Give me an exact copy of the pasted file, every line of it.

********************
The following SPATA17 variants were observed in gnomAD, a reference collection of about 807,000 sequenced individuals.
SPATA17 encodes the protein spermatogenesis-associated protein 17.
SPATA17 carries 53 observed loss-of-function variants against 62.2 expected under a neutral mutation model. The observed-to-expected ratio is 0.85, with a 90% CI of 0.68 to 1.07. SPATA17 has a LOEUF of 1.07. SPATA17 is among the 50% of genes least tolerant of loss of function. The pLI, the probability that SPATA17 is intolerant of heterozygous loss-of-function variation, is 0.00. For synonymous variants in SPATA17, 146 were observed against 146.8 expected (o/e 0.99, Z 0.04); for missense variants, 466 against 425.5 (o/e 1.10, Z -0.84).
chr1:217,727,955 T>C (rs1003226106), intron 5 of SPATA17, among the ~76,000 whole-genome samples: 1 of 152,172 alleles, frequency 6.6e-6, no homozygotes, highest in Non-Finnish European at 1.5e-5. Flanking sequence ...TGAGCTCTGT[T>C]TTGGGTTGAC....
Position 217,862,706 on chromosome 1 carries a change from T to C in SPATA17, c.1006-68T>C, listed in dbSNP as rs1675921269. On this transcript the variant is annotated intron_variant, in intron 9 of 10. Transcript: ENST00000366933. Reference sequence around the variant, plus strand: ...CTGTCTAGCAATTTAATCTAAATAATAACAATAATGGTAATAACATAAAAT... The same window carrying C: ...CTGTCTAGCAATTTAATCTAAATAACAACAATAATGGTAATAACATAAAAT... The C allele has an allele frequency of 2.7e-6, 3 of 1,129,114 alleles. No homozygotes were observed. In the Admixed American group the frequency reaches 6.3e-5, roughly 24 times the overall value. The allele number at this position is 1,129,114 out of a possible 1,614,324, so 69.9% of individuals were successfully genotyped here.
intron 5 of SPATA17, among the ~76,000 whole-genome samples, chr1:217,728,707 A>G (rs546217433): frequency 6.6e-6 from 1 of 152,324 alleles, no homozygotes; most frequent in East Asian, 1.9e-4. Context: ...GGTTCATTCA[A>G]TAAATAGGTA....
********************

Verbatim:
The following SPATA17 variants were observed in gnomAD, a reference collection of about 807,000 sequenced individuals.
SPATA17 encodes the protein spermatogenesis-associated protein 17.
SPATA17 carries 53 observed loss-of-function variants against 62.2 expected under a neutral mutation model. The observed-to-expected ratio is 0.85, with a 90% CI of 0.68 to 1.07. SPATA17 has a LOEUF of 1.07. SPATA17 is among the 50% of genes least tolerant of loss of function. The pLI, the probability that SPATA17 is intolerant of heterozygous loss-of-function variation, is 0.00. For synonymous variants in SPATA17, 146 were observed against 146.8 expected (o/e 0.99, Z 0.04); for missense variants, 466 against 425.5 (o/e 1.10, Z -0.84).
chr1:217,727,955 T>C (rs1003226106), intron 5 of SPATA17, among the ~76,000 whole-genome samples: 1 of 152,172 alleles, frequency 6.6e-6, no homozygotes, highest in Non-Finnish European at 1.5e-5. Flanking sequence ...TGAGCTCTGT[T>C]TTGGGTTGAC....
Position 217,862,706 on chromosome 1 carries a change from T to C in SPATA17, c.1006-68T>C, listed in dbSNP as rs1675921269. On this transcript the variant is annotated intron_variant, in intron 9 of 10. Transcript: ENST00000366933. Reference sequence around the variant, plus strand: ...CTGTCTAGCAATTTAATCTAAATAATAACAATAATGGTAATAACATAAAAT... The same window carrying C: ...CTGTCTAGCAATTTAATCTAAATAACAACAATAATGGTAATAACATAAAAT... The C allele has an allele frequency of 2.7e-6, 3 of 1,129,114 alleles. No homozygotes were observed. In the Admixed American group the frequency reaches 6.3e-5, roughly 24 times the overall value. The allele number at this position is 1,129,114 out of a possible 1,614,324, so 69.9% of individuals were successfully genotyped here.
intron 5 of SPATA17, among the ~76,000 whole-genome samples, chr1:217,728,707 A>G (rs546217433): frequency 6.6e-6 from 1 of 152,324 alleles, no homozygotes; most frequent in East Asian, 1.9e-4. Context: ...GGTTCATTCA[A>G]TAAATAGGTA....